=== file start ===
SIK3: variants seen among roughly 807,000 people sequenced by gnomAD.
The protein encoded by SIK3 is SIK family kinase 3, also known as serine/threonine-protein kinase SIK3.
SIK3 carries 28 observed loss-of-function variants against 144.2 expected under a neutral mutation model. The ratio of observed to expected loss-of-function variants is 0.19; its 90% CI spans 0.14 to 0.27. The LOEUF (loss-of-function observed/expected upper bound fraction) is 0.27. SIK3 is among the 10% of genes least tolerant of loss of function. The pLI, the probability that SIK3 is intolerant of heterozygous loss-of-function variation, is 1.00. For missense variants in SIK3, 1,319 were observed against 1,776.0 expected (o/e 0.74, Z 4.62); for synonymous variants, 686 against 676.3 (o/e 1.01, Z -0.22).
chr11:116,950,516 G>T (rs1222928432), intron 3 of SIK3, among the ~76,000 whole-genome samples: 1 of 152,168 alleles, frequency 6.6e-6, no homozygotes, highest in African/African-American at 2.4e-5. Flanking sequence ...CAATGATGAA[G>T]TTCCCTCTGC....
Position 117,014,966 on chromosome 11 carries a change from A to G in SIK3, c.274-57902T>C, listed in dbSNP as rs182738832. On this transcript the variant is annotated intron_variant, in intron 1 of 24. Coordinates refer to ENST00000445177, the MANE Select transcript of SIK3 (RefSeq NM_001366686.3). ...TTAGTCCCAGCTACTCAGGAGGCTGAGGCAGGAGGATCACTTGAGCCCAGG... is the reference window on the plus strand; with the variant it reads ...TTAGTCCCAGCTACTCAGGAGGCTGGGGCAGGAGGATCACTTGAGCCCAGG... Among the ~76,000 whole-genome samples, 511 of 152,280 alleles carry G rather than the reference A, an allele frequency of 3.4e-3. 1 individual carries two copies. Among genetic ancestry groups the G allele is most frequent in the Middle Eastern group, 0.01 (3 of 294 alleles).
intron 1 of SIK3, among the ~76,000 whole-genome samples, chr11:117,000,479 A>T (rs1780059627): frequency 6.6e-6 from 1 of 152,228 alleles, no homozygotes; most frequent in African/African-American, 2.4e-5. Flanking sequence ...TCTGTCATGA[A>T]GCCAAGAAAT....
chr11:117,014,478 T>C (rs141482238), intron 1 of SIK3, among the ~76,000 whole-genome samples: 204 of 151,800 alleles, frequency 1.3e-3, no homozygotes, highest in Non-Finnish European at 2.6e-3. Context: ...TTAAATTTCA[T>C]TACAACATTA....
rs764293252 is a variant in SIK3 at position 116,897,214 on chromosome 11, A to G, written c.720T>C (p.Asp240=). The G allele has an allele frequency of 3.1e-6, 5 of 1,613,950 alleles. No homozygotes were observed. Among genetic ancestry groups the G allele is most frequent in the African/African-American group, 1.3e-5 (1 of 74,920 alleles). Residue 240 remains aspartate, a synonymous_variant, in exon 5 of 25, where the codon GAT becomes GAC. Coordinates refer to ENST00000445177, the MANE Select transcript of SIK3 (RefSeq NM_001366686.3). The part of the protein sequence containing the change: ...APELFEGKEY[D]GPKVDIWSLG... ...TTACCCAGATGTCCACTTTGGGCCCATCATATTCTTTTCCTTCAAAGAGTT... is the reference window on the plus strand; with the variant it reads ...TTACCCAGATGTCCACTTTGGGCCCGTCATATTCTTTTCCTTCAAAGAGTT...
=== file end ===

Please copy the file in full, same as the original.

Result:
SIK3: variants seen among roughly 807,000 people sequenced by gnomAD.
The protein encoded by SIK3 is SIK family kinase 3, also known as serine/threonine-protein kinase SIK3.
SIK3 carries 28 observed loss-of-function variants against 144.2 expected under a neutral mutation model. The ratio of observed to expected loss-of-function variants is 0.19; its 90% CI spans 0.14 to 0.27. The LOEUF (loss-of-function observed/expected upper bound fraction) is 0.27. SIK3 is among the 10% of genes least tolerant of loss of function. The pLI, the probability that SIK3 is intolerant of heterozygous loss-of-function variation, is 1.00. For missense variants in SIK3, 1,319 were observed against 1,776.0 expected (o/e 0.74, Z 4.62); for synonymous variants, 686 against 676.3 (o/e 1.01, Z -0.22).
chr11:116,950,516 G>T (rs1222928432), intron 3 of SIK3, among the ~76,000 whole-genome samples: 1 of 152,168 alleles, frequency 6.6e-6, no homozygotes, highest in African/African-American at 2.4e-5. Flanking sequence ...CAATGATGAA[G>T]TTCCCTCTGC....
Position 117,014,966 on chromosome 11 carries a change from A to G in SIK3, c.274-57902T>C, listed in dbSNP as rs182738832. On this transcript the variant is annotated intron_variant, in intron 1 of 24. Coordinates refer to ENST00000445177, the MANE Select transcript of SIK3 (RefSeq NM_001366686.3). ...TTAGTCCCAGCTACTCAGGAGGCTGAGGCAGGAGGATCACTTGAGCCCAGG... is the reference window on the plus strand; with the variant it reads ...TTAGTCCCAGCTACTCAGGAGGCTGGGGCAGGAGGATCACTTGAGCCCAGG... Among the ~76,000 whole-genome samples, 511 of 152,280 alleles carry G rather than the reference A, an allele frequency of 3.4e-3. 1 individual carries two copies. Among genetic ancestry groups the G allele is most frequent in the Middle Eastern group, 0.01 (3 of 294 alleles).
intron 1 of SIK3, among the ~76,000 whole-genome samples, chr11:117,000,479 A>T (rs1780059627): frequency 6.6e-6 from 1 of 152,228 alleles, no homozygotes; most frequent in African/African-American, 2.4e-5. Flanking sequence ...TCTGTCATGA[A>T]GCCAAGAAAT....
chr11:117,014,478 T>C (rs141482238), intron 1 of SIK3, among the ~76,000 whole-genome samples: 204 of 151,800 alleles, frequency 1.3e-3, no homozygotes, highest in Non-Finnish European at 2.6e-3. Context: ...TTAAATTTCA[T>C]TACAACATTA....
rs764293252 is a variant in SIK3 at position 116,897,214 on chromosome 11, A to G, written c.720T>C (p.Asp240=). The G allele has an allele frequency of 3.1e-6, 5 of 1,613,950 alleles. No homozygotes were observed. Among genetic ancestry groups the G allele is most frequent in the African/African-American group, 1.3e-5 (1 of 74,920 alleles). Residue 240 remains aspartate, a synonymous_variant, in exon 5 of 25, where the codon GAT becomes GAC. Coordinates refer to ENST00000445177, the MANE Select transcript of SIK3 (RefSeq NM_001366686.3). The part of the protein sequence containing the change: ...APELFEGKEY[D]GPKVDIWSLG... ...TTACCCAGATGTCCACTTTGGGCCCATCATATTCTTTTCCTTCAAAGAGTT... is the reference window on the plus strand; with the variant it reads ...TTACCCAGATGTCCACTTTGGGCCCGTCATATTCTTTTCCTTCAAAGAGTT...